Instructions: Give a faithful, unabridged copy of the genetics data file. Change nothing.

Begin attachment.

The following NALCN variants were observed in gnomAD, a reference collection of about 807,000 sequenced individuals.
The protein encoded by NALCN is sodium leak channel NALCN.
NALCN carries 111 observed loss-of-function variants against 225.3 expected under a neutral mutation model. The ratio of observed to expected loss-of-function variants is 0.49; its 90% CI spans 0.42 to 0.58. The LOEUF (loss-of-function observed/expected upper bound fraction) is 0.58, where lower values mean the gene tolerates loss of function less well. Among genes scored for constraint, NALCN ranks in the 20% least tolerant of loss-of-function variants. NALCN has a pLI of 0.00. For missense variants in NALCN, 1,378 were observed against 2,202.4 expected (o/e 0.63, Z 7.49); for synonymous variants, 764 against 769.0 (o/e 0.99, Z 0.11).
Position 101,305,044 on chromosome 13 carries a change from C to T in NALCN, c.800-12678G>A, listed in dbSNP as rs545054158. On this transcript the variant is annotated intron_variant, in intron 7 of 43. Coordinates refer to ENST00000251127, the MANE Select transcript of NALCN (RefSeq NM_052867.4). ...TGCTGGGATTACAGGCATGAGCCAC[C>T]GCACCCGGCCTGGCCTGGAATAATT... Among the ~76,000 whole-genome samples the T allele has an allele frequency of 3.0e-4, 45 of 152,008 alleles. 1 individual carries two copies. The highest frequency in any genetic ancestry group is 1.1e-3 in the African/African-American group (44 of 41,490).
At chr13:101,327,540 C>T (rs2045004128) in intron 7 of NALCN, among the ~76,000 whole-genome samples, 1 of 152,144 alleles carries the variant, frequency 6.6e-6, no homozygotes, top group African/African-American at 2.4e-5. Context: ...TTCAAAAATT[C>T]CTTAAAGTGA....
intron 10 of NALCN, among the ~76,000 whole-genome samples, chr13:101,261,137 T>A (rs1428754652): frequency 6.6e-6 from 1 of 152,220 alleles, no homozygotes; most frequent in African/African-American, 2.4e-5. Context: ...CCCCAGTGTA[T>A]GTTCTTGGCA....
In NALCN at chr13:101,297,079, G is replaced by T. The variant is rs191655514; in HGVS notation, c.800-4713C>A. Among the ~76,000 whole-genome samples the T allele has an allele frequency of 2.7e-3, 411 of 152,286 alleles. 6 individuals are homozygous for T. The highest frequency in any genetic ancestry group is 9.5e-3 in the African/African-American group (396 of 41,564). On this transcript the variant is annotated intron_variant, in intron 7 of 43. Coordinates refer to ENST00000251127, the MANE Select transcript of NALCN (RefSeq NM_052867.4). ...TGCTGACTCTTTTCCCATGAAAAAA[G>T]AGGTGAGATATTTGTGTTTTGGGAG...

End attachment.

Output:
The following NALCN variants were observed in gnomAD, a reference collection of about 807,000 sequenced individuals.
The protein encoded by NALCN is sodium leak channel NALCN.
NALCN carries 111 observed loss-of-function variants against 225.3 expected under a neutral mutation model. The ratio of observed to expected loss-of-function variants is 0.49; its 90% CI spans 0.42 to 0.58. The LOEUF (loss-of-function observed/expected upper bound fraction) is 0.58, where lower values mean the gene tolerates loss of function less well. Among genes scored for constraint, NALCN ranks in the 20% least tolerant of loss-of-function variants. NALCN has a pLI of 0.00. For missense variants in NALCN, 1,378 were observed against 2,202.4 expected (o/e 0.63, Z 7.49); for synonymous variants, 764 against 769.0 (o/e 0.99, Z 0.11).
Position 101,305,044 on chromosome 13 carries a change from C to T in NALCN, c.800-12678G>A, listed in dbSNP as rs545054158. On this transcript the variant is annotated intron_variant, in intron 7 of 43. Coordinates refer to ENST00000251127, the MANE Select transcript of NALCN (RefSeq NM_052867.4). ...TGCTGGGATTACAGGCATGAGCCAC[C>T]GCACCCGGCCTGGCCTGGAATAATT... Among the ~76,000 whole-genome samples the T allele has an allele frequency of 3.0e-4, 45 of 152,008 alleles. 1 individual carries two copies. The highest frequency in any genetic ancestry group is 1.1e-3 in the African/African-American group (44 of 41,490).
At chr13:101,327,540 C>T (rs2045004128) in intron 7 of NALCN, among the ~76,000 whole-genome samples, 1 of 152,144 alleles carries the variant, frequency 6.6e-6, no homozygotes, top group African/African-American at 2.4e-5. Context: ...TTCAAAAATT[C>T]CTTAAAGTGA....
intron 10 of NALCN, among the ~76,000 whole-genome samples, chr13:101,261,137 T>A (rs1428754652): frequency 6.6e-6 from 1 of 152,220 alleles, no homozygotes; most frequent in African/African-American, 2.4e-5. Context: ...CCCCAGTGTA[T>A]GTTCTTGGCA....
In NALCN at chr13:101,297,079, G is replaced by T. The variant is rs191655514; in HGVS notation, c.800-4713C>A. Among the ~76,000 whole-genome samples the T allele has an allele frequency of 2.7e-3, 411 of 152,286 alleles. 6 individuals are homozygous for T. The highest frequency in any genetic ancestry group is 9.5e-3 in the African/African-American group (396 of 41,564). On this transcript the variant is annotated intron_variant, in intron 7 of 43. Coordinates refer to ENST00000251127, the MANE Select transcript of NALCN (RefSeq NM_052867.4). ...TGCTGACTCTTTTCCCATGAAAAAA[G>T]AGGTGAGATATTTGTGTTTTGGGAG...